Offering practical ideas for fixing problems that make too many Americans unable to afford adequate housing
Even before the COVID-19 pandemic struck, the poorest one-fifth of U.S. families struggled to pay the rent or mortgage without foregoing other necessities. A growing number of middle-income families face difficult tradeoffs in their housing choices: devote a larger chunk of their paycheck to housing costs or endure long commutes. More than 50 years after the federal Fair Housing Act was passed, Black homeownership rates are 30 percentage points lower than those of white households, and most cities still have high levels of racial segregation. Most new housing is built in car-dependent areas on the exurban fringe, far from jobs and public transportation, even as the impacts of climate change become ever more apparent.
The United States doesn’t have an integrated, coherent housing policy to deal with these problems. Rather, it has lots of different policies designed and implemented by a variety of public agencies. Where and how governments choose to invest public funds in roads, public transportation, and other infrastructure has profound implications for housing prices and availability.
This book provides an action plan for how federal, state, and local policies should be restructured to achieve better housing outcomes for individuals, families, and communities. The author proposes systemic change in the political processes regulating housing production, federal tax policy, funding for transportation and infrastructure, and greater federal support for the social safety net. One possible driving force for some of these changes could be the potential emergence of new coalitions that align the economic and political incentives of young, racially diverse, urban renter households with conservatives who favor limited government.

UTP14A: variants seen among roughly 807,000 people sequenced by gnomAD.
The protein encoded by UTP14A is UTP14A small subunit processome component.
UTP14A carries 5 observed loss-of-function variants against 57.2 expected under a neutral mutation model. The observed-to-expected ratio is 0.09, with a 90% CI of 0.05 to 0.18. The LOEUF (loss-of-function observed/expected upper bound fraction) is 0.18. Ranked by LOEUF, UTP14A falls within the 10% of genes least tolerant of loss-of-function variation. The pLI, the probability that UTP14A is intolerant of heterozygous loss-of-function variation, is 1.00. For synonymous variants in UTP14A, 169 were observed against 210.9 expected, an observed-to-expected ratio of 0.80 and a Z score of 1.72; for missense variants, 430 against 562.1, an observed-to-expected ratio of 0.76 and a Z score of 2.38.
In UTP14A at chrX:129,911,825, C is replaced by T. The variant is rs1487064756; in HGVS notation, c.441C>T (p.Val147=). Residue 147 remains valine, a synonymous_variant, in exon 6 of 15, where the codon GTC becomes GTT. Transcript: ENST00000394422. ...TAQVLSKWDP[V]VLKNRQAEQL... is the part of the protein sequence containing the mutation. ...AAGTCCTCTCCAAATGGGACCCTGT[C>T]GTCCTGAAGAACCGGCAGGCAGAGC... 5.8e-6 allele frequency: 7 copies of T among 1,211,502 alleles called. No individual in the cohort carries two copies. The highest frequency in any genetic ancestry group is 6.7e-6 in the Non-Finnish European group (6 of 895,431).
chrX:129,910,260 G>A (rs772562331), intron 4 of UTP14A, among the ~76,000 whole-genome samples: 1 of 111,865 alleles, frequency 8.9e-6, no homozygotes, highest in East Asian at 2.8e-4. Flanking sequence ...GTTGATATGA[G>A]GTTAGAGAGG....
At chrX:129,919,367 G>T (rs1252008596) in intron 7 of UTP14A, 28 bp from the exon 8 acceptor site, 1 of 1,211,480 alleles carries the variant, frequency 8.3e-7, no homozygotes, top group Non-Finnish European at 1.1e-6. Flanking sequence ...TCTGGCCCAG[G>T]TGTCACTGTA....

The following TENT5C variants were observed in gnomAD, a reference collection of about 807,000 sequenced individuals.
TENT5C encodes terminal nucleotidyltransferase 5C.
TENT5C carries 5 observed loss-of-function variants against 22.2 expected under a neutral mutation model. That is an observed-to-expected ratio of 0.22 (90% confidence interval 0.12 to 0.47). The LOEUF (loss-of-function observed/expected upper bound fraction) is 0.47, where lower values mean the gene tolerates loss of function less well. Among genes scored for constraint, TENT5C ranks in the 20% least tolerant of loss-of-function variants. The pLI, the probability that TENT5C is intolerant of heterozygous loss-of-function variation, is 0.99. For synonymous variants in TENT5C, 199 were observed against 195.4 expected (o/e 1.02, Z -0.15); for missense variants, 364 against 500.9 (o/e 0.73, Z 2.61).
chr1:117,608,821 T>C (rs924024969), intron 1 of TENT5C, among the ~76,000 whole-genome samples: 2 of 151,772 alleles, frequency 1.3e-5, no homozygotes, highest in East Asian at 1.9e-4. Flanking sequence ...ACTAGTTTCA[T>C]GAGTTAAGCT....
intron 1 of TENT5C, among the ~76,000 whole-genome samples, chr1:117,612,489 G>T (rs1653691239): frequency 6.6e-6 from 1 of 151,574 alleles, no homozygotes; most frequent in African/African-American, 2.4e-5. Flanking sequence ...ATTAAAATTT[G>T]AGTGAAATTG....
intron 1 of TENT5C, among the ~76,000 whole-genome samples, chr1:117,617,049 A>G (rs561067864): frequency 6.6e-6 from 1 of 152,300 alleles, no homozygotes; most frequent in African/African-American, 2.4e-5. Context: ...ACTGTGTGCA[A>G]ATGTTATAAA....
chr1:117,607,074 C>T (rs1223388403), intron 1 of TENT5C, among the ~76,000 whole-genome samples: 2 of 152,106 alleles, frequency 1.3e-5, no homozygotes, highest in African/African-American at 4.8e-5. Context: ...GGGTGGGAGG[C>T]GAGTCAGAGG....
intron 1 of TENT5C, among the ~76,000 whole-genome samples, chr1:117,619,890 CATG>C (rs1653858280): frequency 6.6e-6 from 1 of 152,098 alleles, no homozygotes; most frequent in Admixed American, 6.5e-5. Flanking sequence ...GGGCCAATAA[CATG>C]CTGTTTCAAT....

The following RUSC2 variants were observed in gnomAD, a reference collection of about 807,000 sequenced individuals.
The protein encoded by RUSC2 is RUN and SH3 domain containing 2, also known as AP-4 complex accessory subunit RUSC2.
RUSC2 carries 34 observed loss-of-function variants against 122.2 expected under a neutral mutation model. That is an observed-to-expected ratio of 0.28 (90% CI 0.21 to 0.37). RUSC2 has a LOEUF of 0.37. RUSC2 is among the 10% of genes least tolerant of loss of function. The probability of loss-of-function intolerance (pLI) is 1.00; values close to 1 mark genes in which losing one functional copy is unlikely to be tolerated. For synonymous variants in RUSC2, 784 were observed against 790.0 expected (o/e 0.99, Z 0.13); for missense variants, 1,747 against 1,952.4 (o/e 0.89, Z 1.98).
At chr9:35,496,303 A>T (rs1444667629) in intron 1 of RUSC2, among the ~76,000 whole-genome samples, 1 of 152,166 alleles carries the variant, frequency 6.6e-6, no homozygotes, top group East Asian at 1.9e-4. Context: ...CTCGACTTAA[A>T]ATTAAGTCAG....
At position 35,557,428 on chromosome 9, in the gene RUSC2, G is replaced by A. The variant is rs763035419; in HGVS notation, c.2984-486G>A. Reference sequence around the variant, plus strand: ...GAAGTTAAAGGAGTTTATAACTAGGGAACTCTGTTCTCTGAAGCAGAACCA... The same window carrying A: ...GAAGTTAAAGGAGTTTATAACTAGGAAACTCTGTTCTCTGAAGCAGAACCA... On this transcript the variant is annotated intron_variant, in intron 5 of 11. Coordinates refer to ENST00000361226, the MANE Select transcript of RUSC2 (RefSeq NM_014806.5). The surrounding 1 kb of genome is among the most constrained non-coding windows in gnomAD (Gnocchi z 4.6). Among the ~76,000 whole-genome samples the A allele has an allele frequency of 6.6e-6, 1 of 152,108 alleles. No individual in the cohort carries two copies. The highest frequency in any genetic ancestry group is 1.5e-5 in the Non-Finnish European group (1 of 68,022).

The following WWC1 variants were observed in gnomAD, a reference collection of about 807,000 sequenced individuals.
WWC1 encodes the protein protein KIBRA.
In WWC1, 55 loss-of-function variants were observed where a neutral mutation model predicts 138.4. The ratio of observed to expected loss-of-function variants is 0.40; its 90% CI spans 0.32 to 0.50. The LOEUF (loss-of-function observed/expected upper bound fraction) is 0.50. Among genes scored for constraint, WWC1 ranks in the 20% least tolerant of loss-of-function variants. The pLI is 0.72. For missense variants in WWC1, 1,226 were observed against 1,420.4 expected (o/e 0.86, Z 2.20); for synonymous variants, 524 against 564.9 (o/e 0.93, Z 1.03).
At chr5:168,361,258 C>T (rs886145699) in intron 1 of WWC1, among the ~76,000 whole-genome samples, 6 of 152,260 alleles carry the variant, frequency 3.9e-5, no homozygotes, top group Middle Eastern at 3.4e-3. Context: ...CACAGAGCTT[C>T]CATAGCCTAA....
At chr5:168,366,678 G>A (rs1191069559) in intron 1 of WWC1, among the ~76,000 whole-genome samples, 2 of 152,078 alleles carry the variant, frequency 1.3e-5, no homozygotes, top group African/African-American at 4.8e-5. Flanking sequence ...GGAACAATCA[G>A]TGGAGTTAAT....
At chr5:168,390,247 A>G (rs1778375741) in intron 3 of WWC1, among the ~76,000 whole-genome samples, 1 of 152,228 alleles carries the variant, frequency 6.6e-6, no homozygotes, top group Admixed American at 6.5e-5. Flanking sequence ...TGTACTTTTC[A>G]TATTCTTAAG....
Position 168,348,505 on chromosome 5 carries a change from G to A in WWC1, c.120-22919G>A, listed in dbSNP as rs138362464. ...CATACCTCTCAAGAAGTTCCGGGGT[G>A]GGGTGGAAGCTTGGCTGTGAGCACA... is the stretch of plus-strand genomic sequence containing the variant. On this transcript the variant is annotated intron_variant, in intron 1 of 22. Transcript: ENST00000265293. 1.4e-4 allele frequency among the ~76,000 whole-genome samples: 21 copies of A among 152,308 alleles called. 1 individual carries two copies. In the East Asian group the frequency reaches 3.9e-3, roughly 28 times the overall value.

As the first book addressing the broad set of local, state, and national housing policies, this book is for policymakers, journalists, and advocacy groups engaged in the housing field, as well as general readers. The book also will make an excellent teaching resource for advanced undergraduate or master’s courses in urban planning and public policy.